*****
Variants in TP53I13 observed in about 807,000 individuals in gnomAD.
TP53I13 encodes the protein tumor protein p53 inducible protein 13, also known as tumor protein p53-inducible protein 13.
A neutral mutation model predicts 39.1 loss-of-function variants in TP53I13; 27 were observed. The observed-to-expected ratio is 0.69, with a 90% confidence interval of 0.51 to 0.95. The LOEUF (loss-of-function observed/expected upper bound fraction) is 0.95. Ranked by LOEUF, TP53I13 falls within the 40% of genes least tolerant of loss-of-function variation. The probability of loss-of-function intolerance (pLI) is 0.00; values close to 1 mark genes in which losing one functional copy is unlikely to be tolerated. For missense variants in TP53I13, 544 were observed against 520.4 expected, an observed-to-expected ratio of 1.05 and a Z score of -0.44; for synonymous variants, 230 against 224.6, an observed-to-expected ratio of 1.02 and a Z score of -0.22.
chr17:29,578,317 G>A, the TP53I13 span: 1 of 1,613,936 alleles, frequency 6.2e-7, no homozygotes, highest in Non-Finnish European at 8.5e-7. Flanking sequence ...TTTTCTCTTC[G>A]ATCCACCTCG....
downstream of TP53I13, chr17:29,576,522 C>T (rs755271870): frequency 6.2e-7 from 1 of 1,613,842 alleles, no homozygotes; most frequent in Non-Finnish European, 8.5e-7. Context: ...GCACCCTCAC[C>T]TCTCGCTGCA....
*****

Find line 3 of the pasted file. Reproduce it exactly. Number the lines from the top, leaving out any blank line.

A neutral mutation model predicts 39.1 loss-of-function variants in TP53I13; 27 were observed. The observed-to-expected ratio is 0.69, with a 90% confidence interval of 0.51 to 0.95. The LOEUF (loss-of-function observed/expected upper bound fraction) is 0.95. Ranked by LOEUF, TP53I13 falls within the 40% of genes least tolerant of loss-of-function variation. The probability of loss-of-function intolerance (pLI) is 0.00; values close to 1 mark genes in which losing one functional copy is unlikely to be tolerated. For missense variants in TP53I13, 544 were observed against 520.4 expected, an observed-to-expected ratio of 1.05 and a Z score of -0.44; for synonymous variants, 230 against 224.6, an observed-to-expected ratio of 1.02 and a Z score of -0.22.